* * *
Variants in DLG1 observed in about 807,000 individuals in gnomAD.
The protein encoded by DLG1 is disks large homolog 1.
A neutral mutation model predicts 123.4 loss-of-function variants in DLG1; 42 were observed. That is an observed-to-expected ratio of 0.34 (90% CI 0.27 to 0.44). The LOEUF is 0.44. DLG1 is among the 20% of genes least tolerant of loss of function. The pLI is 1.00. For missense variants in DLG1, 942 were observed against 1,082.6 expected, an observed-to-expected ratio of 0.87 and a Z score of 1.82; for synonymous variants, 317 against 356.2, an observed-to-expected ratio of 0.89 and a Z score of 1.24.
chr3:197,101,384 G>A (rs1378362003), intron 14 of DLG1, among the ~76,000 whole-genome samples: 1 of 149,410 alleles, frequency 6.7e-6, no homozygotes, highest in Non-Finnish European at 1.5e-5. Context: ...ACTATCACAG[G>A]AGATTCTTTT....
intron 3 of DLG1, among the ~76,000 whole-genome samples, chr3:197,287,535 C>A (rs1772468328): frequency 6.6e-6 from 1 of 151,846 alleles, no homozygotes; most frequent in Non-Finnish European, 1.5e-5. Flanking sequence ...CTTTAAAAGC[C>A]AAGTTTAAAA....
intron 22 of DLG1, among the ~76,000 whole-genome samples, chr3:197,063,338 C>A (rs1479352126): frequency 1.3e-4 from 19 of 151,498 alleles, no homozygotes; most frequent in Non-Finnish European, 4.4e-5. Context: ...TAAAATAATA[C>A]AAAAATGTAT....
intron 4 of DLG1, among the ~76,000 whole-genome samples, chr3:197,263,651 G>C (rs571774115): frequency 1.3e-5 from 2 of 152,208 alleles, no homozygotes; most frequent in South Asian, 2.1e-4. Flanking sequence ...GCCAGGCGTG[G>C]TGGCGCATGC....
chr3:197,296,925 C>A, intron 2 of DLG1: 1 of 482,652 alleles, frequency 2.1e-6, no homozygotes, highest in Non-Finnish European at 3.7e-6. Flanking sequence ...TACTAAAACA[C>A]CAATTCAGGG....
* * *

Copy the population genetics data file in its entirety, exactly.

Variants in DLG1 observed in about 807,000 individuals in gnomAD.
The protein encoded by DLG1 is disks large homolog 1.
A neutral mutation model predicts 123.4 loss-of-function variants in DLG1; 42 were observed. That is an observed-to-expected ratio of 0.34 (90% CI 0.27 to 0.44). The LOEUF is 0.44. DLG1 is among the 20% of genes least tolerant of loss of function. The pLI is 1.00. For missense variants in DLG1, 942 were observed against 1,082.6 expected, an observed-to-expected ratio of 0.87 and a Z score of 1.82; for synonymous variants, 317 against 356.2, an observed-to-expected ratio of 0.89 and a Z score of 1.24.
chr3:197,101,384 G>A (rs1378362003), intron 14 of DLG1, among the ~76,000 whole-genome samples: 1 of 149,410 alleles, frequency 6.7e-6, no homozygotes, highest in Non-Finnish European at 1.5e-5. Context: ...ACTATCACAG[G>A]AGATTCTTTT....
intron 3 of DLG1, among the ~76,000 whole-genome samples, chr3:197,287,535 C>A (rs1772468328): frequency 6.6e-6 from 1 of 151,846 alleles, no homozygotes; most frequent in Non-Finnish European, 1.5e-5. Flanking sequence ...CTTTAAAAGC[C>A]AAGTTTAAAA....
intron 22 of DLG1, among the ~76,000 whole-genome samples, chr3:197,063,338 C>A (rs1479352126): frequency 1.3e-4 from 19 of 151,498 alleles, no homozygotes; most frequent in Non-Finnish European, 4.4e-5. Context: ...TAAAATAATA[C>A]AAAAATGTAT....
intron 4 of DLG1, among the ~76,000 whole-genome samples, chr3:197,263,651 G>C (rs571774115): frequency 1.3e-5 from 2 of 152,208 alleles, no homozygotes; most frequent in South Asian, 2.1e-4. Flanking sequence ...GCCAGGCGTG[G>C]TGGCGCATGC....
chr3:197,296,925 C>A, intron 2 of DLG1: 1 of 482,652 alleles, frequency 2.1e-6, no homozygotes, highest in Non-Finnish European at 3.7e-6. Flanking sequence ...TACTAAAACA[C>A]CAATTCAGGG....